There are three different ways that the ggmix function can take the population structure information:
1) kinship: A $$n \times n$$ kinship matrix
2) K: A $$n \times k$$ matrix of SNPs used to determine the relatedness between subjects
3) U: the eigenvectors of the kinship matrix or the left singular vectors of K, and D: the eigenvalues of the kinship matrix or the square of the singular values of K

We provide this flexibility to allow for a low rank estimation procedure (not yet implemented), and in case the user has already calculated this information elsewhere.

The kinship argument

We have already seen how to use the kinship argument:

library(ggmix)

# supply p.fac to the penalty.factor argument
res <- ggmix(x = admixed$xtrain, y = admixed$ytrain, kinship = admixed$kin_train) plot(res) coef(res, s = 0.059, type = "nonzero") #> 1 #> (Intercept) 0.067659655 #> X23 0.002882831 #> X168 -0.155377239 #> X266 0.013755332 #> X271 -0.037133864 #> X302 -0.191356768 #> X315 -0.038304320 #> X503 -0.276164007 #> X524 1.566660433 #> X538 -0.891195354 #> eta 0.990000000 #> sigma2 1.242738145 The U and D arguments Alternatively we can directly supply the eigenvectors and eigenvalues of the kinship matrix: eigKinship <- eigen(admixed$kin_train)

resUD <- ggmix(x = admixed$xtrain, y = admixed$ytrain,
U = eigKinship$vectors[,which(eigKinship$values>0)],
D = eigKinship$values[which(eigKinship$values>0)])
plot(resUD) coef(resUD, s = 0.059, type = "nonzero")
#>                        1
#> (Intercept)  0.047681320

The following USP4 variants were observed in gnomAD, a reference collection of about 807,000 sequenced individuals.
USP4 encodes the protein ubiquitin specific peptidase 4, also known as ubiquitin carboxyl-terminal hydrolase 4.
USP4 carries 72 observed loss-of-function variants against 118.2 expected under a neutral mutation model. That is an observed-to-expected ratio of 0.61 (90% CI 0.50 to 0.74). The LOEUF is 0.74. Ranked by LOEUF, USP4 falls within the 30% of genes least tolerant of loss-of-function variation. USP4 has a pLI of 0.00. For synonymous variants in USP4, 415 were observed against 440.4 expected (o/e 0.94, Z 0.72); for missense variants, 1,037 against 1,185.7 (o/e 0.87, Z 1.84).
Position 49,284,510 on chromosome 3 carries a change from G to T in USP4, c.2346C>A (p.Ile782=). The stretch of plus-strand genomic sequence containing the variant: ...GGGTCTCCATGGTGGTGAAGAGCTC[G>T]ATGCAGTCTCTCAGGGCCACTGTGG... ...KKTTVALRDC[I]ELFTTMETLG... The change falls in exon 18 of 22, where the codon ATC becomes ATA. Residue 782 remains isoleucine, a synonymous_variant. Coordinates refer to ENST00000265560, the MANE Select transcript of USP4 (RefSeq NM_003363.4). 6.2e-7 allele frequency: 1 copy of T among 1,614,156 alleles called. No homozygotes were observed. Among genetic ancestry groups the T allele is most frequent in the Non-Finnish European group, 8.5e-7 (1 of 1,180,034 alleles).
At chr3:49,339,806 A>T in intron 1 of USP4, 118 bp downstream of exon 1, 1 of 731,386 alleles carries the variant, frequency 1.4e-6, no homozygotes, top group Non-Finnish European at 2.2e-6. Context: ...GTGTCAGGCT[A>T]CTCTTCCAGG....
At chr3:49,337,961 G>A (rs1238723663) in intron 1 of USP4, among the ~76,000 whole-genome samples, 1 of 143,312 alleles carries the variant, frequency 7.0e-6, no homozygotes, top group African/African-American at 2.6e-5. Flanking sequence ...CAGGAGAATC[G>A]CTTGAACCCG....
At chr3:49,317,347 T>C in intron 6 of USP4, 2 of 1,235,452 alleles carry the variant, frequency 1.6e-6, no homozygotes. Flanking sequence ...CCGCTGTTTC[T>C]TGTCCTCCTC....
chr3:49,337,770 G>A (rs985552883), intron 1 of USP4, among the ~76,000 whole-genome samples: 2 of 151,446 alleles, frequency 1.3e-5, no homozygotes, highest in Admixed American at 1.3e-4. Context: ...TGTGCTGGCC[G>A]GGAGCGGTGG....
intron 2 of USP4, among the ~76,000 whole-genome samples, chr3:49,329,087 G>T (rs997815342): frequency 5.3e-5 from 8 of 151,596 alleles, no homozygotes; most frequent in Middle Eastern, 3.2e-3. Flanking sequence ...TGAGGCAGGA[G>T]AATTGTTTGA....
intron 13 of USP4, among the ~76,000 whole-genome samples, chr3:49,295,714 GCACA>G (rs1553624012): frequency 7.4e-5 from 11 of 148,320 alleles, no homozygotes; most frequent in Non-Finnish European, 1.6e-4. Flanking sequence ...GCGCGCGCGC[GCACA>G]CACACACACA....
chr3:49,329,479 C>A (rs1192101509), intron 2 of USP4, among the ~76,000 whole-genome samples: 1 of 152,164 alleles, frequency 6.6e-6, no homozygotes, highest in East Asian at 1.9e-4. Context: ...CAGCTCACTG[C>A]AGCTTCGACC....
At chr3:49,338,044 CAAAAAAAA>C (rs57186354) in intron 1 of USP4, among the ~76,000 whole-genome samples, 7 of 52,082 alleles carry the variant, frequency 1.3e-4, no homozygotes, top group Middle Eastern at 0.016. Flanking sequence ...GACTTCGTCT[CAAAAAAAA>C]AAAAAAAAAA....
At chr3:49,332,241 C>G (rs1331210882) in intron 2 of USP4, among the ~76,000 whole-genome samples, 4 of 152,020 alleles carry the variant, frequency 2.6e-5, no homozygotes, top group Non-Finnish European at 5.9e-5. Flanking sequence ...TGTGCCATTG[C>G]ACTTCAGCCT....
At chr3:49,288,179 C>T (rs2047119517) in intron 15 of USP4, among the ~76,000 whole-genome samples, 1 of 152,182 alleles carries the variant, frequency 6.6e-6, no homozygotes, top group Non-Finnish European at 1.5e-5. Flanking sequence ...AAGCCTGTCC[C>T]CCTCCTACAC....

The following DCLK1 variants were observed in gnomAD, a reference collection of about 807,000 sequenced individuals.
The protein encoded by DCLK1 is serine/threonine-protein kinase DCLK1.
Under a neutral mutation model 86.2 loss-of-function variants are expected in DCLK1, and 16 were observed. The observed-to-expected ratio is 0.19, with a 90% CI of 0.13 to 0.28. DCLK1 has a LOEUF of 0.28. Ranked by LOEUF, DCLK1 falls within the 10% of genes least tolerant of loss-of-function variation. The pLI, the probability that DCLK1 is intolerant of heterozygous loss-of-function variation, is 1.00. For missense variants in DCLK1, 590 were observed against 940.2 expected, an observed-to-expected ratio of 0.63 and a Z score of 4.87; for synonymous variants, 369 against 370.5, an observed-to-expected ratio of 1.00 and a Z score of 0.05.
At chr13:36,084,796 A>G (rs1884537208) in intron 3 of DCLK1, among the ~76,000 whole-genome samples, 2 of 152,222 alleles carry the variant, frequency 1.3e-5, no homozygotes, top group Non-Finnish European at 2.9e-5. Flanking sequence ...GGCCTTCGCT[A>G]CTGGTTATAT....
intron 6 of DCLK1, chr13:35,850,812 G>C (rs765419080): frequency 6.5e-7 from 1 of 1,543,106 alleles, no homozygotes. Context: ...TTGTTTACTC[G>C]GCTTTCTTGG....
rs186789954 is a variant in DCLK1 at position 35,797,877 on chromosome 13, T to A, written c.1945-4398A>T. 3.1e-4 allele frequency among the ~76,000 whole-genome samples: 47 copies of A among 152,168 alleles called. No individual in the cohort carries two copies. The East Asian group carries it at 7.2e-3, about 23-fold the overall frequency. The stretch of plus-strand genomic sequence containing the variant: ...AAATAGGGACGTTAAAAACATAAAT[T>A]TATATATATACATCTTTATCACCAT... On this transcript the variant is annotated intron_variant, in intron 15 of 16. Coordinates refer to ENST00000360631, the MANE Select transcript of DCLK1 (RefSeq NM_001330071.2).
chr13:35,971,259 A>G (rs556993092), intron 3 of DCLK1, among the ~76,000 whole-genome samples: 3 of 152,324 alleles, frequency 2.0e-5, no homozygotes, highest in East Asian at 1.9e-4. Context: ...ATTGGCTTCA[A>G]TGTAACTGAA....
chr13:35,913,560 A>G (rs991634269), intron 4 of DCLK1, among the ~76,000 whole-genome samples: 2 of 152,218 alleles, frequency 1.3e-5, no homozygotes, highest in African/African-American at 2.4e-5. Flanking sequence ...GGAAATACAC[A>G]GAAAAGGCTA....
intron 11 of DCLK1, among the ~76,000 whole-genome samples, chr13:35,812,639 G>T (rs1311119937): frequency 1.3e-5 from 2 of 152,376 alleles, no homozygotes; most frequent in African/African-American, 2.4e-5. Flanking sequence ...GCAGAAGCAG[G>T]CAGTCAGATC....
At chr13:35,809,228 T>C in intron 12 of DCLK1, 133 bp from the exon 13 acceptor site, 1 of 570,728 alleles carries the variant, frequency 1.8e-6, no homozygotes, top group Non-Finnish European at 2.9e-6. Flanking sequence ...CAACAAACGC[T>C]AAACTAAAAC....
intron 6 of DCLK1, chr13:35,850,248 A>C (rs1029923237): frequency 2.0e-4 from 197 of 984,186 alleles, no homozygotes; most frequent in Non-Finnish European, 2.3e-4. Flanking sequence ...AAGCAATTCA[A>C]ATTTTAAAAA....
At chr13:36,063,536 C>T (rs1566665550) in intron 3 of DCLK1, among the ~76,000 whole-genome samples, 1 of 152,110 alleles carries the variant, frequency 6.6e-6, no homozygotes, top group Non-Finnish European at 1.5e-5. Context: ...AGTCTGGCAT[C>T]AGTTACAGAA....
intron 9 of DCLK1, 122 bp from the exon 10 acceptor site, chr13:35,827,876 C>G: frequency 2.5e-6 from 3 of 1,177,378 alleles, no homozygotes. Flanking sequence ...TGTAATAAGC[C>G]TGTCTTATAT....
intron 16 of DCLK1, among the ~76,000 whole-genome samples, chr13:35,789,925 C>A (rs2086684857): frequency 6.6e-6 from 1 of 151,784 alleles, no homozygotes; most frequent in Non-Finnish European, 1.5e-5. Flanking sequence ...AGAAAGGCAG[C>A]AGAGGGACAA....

#> X23          0.126542703
#> X36         -0.047001272
#> X38          0.093898444
#> X53          0.029435618
#> X74         -0.055636448
#> X114        -0.028035684
#> X139         0.060368266
#> X168        -0.128772908
#> X266         0.037493209
#> X271        -0.147801316
#> X300        -0.102856335
#> X302        -0.106338885
#> X315        -0.122440007
#> X336         0.176090696
#> X352        -0.077292020
#> X403         0.025026928
#> X431         0.027551187
#> X503        -0.508237394
#> X512        -0.005497255
#> X516         0.192053842
#> X407        -0.144545442
#> X524         1.786112263
#> X538        -1.031819918
#> X243        -0.285539321
#> eta          0.200213302
#> sigma2       0.700635042

We can also run a singular value decomposition (SVD) on the matrix of SNPs used to construct the kinship matrix. This approach is computationally less expensive since it bypasses explicit computation of the kinship matrix.

svdXkinship <- svd(admixed$Xkinship) resUDsvd <- ggmix(x = admixed$xtrain, y = admixed$ytrain, U = svdXkinship$u,
D = svdXkinship\$d ^ 2)
plot(resUDsvd)